Hurricane Laura

Looks like it’s headed our way now.

There’s been a definite westward shift over the last day or so.

I’ve got family in the Beaumont area that has had to deal with major damage from Rita, Ike, and Harvey, and it’s not looking so good for them right now either. At least they won’t be on the “dirty” side of the storm (at least right now), but it’s still gonna suck for them.

It looks most like Ike at this point. Buckle up folks, this will not be fun.

Be safe!
I remember hurricane Carla.

This one bears watching. The current official forecast is on the eastern periphery of guidance and guidance has been shifting west the last few runs and very noticeably so in the last package. Watching the strength of the inverted trough over Texas now will be key at assessing subsequent track guidance.

Even though the storm is forecast to reach the low end of Major status prior to landfall, the forecast intensity is at the lower end of guidance. Most models are now suggesting a period of rapid intensification sometime in the next two days over the super warm Gulf Loop and in a low shear environment. Once you see the CDO looking less ragged and “pulsey”, that’s when the RI will start. The one saving grace is shear is forecast to increase as the storm approaches the coast so that should promote some weakening prior to landfall. That’s still a couple days out so confidence is somewhat low there.

Pay close attention to local authorities and heed their warnings and orders. Stay safe, all!!!

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ugh

Thanks, das (David)

Yes, thanks das. I always appreciate your input.

Yeah, love reading your expertise. I’m always fascinated by this modeling.

Over the last couple of days, it seemed like the models had come together at the LA/TX border with little mention of a westward shift. I’m surprised at even a minor shift as these folks have gotten pretty good at this over the last decade.

The models did eventually have it heading for the border, then shifted it east of Lake Charles on Sunday night, and are now pulling it back west.

https://www.nhc.noaa.gov/archive/2020/LAURA_graphics.php?product=5day_cone_with_line_and_wind

The models are good (and getting even better each year) but forecaster input, interpreting that model output (and so many other data inputs) makes all the difference in the actual forecast. Models are getting better but forecaster knowledge is getting better at the same pace.

And, yet, sometimes, it all falls apart. Marco was a perfect example. By all accounts, it was a busted forecast, even with forecasters trying to correct stubborn model output that was clearly getting it wrong on both intensity and location. You can see it here clearly as the official forecast corrected and recorrected to the right over time:
https://www.nhc.noaa.gov/archive/2020/MARCO_graphics.php?product=5day_cone_with_line

DAS, thanks. What is CDO and RI?

The models did eventually have it heading for the border, then shifted it east of Lake Charles on Sunday night, and are now pulling it back west.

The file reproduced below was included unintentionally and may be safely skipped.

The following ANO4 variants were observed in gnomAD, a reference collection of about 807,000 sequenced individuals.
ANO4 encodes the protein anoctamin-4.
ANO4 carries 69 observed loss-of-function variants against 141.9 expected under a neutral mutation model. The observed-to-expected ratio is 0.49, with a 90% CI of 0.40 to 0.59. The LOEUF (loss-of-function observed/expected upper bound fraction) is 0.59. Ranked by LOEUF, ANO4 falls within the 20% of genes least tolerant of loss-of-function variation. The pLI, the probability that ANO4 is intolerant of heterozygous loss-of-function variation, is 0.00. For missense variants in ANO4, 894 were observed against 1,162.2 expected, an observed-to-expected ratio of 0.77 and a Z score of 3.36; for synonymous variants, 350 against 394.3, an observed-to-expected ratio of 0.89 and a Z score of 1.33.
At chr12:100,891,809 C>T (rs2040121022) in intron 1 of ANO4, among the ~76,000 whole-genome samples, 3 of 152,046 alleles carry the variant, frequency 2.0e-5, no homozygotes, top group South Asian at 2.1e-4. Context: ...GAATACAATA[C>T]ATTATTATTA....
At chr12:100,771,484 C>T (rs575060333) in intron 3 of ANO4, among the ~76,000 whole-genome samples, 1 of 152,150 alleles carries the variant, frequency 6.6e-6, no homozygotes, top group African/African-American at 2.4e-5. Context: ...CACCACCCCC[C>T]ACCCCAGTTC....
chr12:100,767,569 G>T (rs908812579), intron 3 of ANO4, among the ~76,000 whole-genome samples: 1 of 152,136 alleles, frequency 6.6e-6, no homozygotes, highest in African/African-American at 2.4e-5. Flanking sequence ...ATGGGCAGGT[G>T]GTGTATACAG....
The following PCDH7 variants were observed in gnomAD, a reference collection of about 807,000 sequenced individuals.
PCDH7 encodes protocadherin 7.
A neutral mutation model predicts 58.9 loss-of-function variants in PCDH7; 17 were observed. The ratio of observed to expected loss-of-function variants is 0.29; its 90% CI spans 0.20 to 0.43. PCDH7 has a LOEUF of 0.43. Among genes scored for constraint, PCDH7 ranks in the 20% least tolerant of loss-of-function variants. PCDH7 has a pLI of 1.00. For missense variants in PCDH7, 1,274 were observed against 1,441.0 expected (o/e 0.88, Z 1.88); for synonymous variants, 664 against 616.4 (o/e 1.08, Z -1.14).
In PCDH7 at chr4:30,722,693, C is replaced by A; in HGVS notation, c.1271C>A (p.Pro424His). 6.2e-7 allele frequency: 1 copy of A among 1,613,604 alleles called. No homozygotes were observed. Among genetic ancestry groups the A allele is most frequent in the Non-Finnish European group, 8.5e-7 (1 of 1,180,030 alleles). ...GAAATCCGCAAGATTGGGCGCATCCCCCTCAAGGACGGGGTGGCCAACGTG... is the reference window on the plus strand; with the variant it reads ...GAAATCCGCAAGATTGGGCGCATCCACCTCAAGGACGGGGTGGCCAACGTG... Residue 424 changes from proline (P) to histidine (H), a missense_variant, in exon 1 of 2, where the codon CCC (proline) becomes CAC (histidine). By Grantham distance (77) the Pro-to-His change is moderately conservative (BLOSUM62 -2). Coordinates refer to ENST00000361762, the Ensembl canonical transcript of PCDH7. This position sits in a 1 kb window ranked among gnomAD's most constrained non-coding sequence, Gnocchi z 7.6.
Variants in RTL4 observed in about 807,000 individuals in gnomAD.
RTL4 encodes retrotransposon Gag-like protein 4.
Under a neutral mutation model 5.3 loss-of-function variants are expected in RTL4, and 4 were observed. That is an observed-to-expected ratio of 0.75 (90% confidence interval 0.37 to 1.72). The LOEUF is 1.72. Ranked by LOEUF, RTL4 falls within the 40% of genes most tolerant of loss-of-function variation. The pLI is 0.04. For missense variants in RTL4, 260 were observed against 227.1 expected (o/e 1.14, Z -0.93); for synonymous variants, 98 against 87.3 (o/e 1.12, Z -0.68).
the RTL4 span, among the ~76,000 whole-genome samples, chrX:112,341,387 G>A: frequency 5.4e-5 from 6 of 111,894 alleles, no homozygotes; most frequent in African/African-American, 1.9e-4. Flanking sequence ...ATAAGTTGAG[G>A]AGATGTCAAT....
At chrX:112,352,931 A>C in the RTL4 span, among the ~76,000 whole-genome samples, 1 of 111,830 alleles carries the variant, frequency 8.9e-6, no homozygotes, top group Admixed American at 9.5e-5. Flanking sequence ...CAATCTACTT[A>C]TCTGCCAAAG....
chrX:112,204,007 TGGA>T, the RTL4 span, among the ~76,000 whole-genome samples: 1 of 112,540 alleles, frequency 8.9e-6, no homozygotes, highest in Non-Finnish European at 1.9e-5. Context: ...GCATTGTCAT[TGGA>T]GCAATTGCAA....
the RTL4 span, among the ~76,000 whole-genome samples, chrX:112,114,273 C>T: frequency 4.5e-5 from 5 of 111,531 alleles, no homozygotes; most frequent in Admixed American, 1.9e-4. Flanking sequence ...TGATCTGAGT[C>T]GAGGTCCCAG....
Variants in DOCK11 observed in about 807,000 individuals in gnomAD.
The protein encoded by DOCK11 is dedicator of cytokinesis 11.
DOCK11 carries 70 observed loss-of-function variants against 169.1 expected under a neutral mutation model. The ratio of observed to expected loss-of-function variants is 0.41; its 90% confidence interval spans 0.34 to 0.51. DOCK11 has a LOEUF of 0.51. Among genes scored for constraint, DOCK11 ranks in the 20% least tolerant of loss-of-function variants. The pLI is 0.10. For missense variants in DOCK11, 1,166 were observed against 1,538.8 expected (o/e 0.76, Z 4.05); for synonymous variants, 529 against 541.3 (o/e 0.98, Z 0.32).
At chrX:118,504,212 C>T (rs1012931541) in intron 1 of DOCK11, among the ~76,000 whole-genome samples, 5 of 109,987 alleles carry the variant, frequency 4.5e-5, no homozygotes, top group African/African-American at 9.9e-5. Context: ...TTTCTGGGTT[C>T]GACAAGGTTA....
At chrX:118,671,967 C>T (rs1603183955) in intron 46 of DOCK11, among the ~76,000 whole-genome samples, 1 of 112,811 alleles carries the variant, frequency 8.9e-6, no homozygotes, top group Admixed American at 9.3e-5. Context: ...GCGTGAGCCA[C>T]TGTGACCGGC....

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Precisely. And, those shifts are all based on weaknesses in the subtropical ridge dominating the Southeast. And, those weaknesses are transient on a <12H scale and based on where thunderstorms set up each day, driven by hyper-local convective processes. It’s mostly cloudy in Northern Louisiana instead of partly cloudy one afternoon so thunderstorms set up 50 miles to the east and that affects the path of a developing hurricane 2,000 miles to the south, affecting its projected landfall two days later by 200 miles. That’s the kind of nuance we’re talking about.

Central Dense Overcast (that area of roiling cirrus clouds right around the center of the storm. And, Rapid Intensification, characterized by a 24 hour increase in wind speed of >35mph (and used to be a drop in central pressure of 42mb).

Thanks.

Bleh, latest westward trend on the models:

…has the storm missing most of Marco’s 28C wake left in the warm Gulf (seen in the right center of this image as the cooler yellow temps) and instead, spending most of the time over 30-31C areas.

A very good forecaster friend that I trust just suggested 140mph directed at Galveston Bay. Like I said earlier, pay close attention to local authorities and heed their warnings and orders.

Curious, are these models at a public site, and why is the initial data point east of Cuba instead of the current location?

@JBM, that was the last ensemble of model runs 12 hours ago. The next will come out shortly.

The data is here: https://www.ncdc.noaa.gov/data-access/model-data/model-datasets/global-ensemble-forecast-system-gefs

You can also get easier to read versions at enthusiast sites like Tropical Tidbits.

Edited to add: here’s a good ensemble page from the Cooperative Institute for Research in the Atmosphere (CIRA). A great gov/academic consortium. Updates are frequent:

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Thanks, das.

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I’m not sure I’ve seen a spaghetti model that had as little general consensus two days from landfall as this one does. It looks like ~40% of them have it hitting west of Houston.

Also, if I’m reading the colors correctly, over half of those are forecasting category 4 or 5 at landfall. This could be really bad no matter where it hits, but anywhere between Corpus and Beaumont will be especially devastating.

Yes, you are reading those colors correctly. Take a look at the plot form CIRA I posted above. 12 hours and post-interaction with Cuba has created much, much more consensus.

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